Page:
Whether we’re traveling halfway around the world or just a few miles from home, we travel photographers get excited about including mountains in our images. Mountainous landscapes can provide so many of the most basic elements we look for in a great photograph: beautiful light, compelling composition, exquisite textures, and an authentic sense of place. In this post we will cover some of the fundamental techniques for capturing great images of mountains.
As with most kinds of photography, it all begins with beautiful light. Whenever possible, try to shoot mountain landscapes near sunrise or sunset, or when something interesting is happening with the weather conditions. The quality of light tends to be best during these times. You’re more likely to capture lovely colors on the peaks and in the sky, and the image is more apt to give a sense of depth and drama than during the middle hours of the day.
Shooting from the deck at our lodge in Torres del Paine National Park in Chile, I had to miss most of an excellent dinner to capture Lago Grey with its mountains and glaciers during the “golden hour” just before sunset. The lovely interplay of colors and textures, from the sky to the peaks and to the icebergs and water, made the resulting image worth the effort. Buy this photo
When shooting mountain landscapes, it is usually a good idea to bracket your exposure. With the camera fixed on a sturdy tripod, compose your scene and then shoot a series of images, each with a slightly different exposure. Many cameras have settings to automate the process of bracketing. The two main benefits of exposure bracketing are raising the odds you’ll have a perfectly exposed image and allowing you to create a high dynamic range (HDR) image from several different exposures. See this post for a refresher on how to use exposure bracketing: Post on Exposure Bracketing.
This HDR image of Yosemite National Park’s peaks reflected in the Merced River was created from a series of different exposures made using bracketing. The camera was mounted on a tripod and I made a series of seven shots, each one exposed 2/3 of a stop brighter than the previous one. Buy this photo
I’m often asked how to make mountain images that really “pop”. Why are some photographs of mountain landscapes so dynamic and compelling, with intriguing contrast between the peaks and the sky? Of course, there are many elements that go into the making of an excellent image, but there is a “secret sauce” that can dramatically improve many mountain images: the polarizing filter. Properly using a circular polarizing filter on your lens can emphasize the contrasting parts of the rock, snow, and/or ice on the mountains and can also add drama to the clouds and sky. Every image shown in this post was made with a polarizer. Be sure to adjust the filter by turning its outer ring until you see the effect you want to achieve. Usually this involves rotating the filter’s ring until you see the maximum polarizing effect possible and then dialing it back a little (or a lot) until you achieve a balance between added drama and a natural look. Experience helps here. Check out this post on the use of filters, including polarizers: Post on Filters.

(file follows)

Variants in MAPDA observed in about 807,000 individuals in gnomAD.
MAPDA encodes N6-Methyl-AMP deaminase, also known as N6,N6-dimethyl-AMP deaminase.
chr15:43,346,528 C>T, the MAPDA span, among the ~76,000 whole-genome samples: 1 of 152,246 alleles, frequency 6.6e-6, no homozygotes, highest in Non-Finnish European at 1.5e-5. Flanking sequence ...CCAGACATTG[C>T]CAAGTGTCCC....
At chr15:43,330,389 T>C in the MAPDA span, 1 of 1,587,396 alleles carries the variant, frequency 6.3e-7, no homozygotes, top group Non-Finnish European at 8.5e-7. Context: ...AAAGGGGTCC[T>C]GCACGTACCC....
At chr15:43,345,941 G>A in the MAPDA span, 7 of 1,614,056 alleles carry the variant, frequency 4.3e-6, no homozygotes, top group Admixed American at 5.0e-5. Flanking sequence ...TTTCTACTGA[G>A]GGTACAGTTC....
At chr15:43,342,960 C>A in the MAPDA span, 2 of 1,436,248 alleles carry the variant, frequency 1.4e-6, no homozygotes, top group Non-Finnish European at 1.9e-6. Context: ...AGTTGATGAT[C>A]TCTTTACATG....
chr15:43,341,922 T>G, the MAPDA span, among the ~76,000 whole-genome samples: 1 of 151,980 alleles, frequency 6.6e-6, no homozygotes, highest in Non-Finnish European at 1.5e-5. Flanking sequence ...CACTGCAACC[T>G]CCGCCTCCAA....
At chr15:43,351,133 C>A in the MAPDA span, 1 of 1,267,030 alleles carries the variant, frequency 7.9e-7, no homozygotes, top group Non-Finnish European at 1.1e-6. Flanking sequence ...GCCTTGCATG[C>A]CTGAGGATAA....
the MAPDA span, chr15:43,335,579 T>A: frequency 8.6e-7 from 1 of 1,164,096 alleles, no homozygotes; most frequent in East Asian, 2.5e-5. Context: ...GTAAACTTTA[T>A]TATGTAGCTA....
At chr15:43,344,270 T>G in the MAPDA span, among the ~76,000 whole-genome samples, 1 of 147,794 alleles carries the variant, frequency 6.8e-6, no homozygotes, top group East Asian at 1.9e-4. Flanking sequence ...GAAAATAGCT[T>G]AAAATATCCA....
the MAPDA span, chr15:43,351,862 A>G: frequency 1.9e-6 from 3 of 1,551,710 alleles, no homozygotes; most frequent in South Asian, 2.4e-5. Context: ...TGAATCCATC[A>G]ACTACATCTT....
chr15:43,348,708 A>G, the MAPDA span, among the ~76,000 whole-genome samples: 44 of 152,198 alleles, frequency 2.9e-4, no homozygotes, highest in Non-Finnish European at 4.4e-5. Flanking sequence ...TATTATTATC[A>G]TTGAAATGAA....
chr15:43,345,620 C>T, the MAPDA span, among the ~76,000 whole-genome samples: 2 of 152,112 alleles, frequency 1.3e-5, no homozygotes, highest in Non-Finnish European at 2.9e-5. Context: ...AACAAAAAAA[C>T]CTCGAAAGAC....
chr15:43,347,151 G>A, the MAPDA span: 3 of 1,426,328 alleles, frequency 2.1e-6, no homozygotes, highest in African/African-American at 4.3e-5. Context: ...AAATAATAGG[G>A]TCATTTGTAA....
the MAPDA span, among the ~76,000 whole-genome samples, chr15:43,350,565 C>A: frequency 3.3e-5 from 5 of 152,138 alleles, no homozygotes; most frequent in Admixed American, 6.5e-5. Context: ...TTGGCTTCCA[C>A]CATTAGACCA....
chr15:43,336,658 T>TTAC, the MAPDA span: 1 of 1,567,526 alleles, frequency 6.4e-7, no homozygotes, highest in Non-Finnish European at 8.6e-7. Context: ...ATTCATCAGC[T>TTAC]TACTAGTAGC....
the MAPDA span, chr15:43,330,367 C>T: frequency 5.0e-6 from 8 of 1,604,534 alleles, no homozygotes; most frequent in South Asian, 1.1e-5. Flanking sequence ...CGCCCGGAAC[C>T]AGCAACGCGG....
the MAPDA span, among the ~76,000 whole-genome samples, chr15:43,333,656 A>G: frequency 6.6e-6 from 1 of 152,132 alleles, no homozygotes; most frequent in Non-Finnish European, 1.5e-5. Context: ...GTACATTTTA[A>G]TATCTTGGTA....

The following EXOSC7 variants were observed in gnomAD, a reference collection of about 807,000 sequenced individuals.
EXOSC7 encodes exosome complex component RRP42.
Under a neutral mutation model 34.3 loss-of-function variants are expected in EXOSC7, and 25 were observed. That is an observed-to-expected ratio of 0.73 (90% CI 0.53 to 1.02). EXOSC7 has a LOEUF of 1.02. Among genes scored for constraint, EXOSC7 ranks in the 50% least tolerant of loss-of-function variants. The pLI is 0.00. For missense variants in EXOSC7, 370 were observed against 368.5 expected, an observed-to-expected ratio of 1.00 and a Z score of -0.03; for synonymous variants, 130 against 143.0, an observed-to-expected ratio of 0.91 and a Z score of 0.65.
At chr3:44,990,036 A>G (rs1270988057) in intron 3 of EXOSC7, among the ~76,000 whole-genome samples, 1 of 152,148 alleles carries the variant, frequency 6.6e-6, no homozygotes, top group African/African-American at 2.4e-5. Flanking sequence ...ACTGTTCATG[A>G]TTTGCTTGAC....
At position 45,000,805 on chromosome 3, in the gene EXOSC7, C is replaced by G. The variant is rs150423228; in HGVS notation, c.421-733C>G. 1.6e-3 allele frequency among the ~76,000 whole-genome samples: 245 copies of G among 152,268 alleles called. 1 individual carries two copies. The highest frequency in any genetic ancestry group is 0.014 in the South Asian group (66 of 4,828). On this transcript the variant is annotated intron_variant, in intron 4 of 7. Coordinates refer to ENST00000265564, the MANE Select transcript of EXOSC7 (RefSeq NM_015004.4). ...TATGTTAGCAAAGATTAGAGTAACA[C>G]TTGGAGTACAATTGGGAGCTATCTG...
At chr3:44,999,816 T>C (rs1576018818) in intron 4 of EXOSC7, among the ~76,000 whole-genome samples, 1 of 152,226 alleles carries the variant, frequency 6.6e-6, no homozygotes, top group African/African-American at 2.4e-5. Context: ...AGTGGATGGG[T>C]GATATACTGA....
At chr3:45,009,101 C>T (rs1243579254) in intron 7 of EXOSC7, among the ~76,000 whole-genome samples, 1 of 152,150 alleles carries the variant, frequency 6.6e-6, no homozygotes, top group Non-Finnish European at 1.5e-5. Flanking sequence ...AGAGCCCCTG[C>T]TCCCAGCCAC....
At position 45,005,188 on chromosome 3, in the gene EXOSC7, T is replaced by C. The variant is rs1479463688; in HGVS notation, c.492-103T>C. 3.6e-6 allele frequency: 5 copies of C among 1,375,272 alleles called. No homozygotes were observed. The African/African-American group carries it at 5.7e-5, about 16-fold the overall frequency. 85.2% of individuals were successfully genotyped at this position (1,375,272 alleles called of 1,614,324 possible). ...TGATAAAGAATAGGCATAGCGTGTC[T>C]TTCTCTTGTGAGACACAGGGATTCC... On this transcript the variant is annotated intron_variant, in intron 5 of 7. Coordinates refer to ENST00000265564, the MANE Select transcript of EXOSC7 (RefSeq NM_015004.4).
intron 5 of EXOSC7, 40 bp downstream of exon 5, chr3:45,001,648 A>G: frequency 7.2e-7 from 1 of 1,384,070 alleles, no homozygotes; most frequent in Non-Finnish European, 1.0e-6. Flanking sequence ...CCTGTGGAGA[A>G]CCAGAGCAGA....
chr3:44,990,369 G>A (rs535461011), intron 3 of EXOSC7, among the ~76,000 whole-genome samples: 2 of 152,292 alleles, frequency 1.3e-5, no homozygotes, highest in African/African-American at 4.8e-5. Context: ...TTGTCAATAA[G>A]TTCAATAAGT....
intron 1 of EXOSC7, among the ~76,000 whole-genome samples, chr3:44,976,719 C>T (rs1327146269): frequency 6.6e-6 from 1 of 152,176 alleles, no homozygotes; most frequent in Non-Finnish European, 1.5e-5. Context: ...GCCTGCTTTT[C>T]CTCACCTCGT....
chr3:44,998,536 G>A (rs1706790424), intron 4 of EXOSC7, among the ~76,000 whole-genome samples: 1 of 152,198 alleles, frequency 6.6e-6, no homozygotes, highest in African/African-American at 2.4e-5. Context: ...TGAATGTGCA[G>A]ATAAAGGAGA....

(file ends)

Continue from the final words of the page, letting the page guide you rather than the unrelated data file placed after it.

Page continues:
This image of a rare lenticular cloud forming on the summit of Osorno Volcano in Argentinian Patagonia was made using a polarizing filter to bring out the cloud formation and darken the sky. Buy this photo
Mountain colors can be glorious, but also consider converting some mountain images to black-and-white during post-processing. Rendering in black-and-white can emphasize the textures on the crags and peaks of a mountain and can also lend drama to the foreground and sky. Shots captured with a polarizing filter will usually result in more intriguing monochrome images. When converting to black-and-white during post-processing, be sure to play around with the contrast and individual color channel sliders until you achieve the result you want. For more info on black-and-white photography, check out this post: Post on Black and White Photography.
This shot of a rock dome in Yosemite’s Tuolumne Meadows area is striking when rendered in black-and-white. Buy this photo
Sometimes when we’re traveling we don’t have the option of returning to a gorgeous mountain location when the lighting is perfect. Don’t let the flat lighting of a bright mid-day sun stop you from shooting the local peaks. Great images can be made at any time of day. Just make sure to follow the main techniques outlined in this post: compose well, use a polarizing filter, and bracket your exposure.
Patagonian peaks captured on our way out of Torres del Paine National Park. Because we didn’t have the option of returning at the golden hour, I made this image in the harsh mid-day sun. With careful attention to composition and the use of a polarizing filter and exposure bracketing, I was able to make a favorite image in spite of the less than perfect lighting conditions. Buy this photo
What are your go-to methods when shooting mountain scenery? What are your favorite mountain locations? Please share your thoughts in the comment box here.
Want to see more posts about photographic techniques? Find them all here: Posts on Techniques.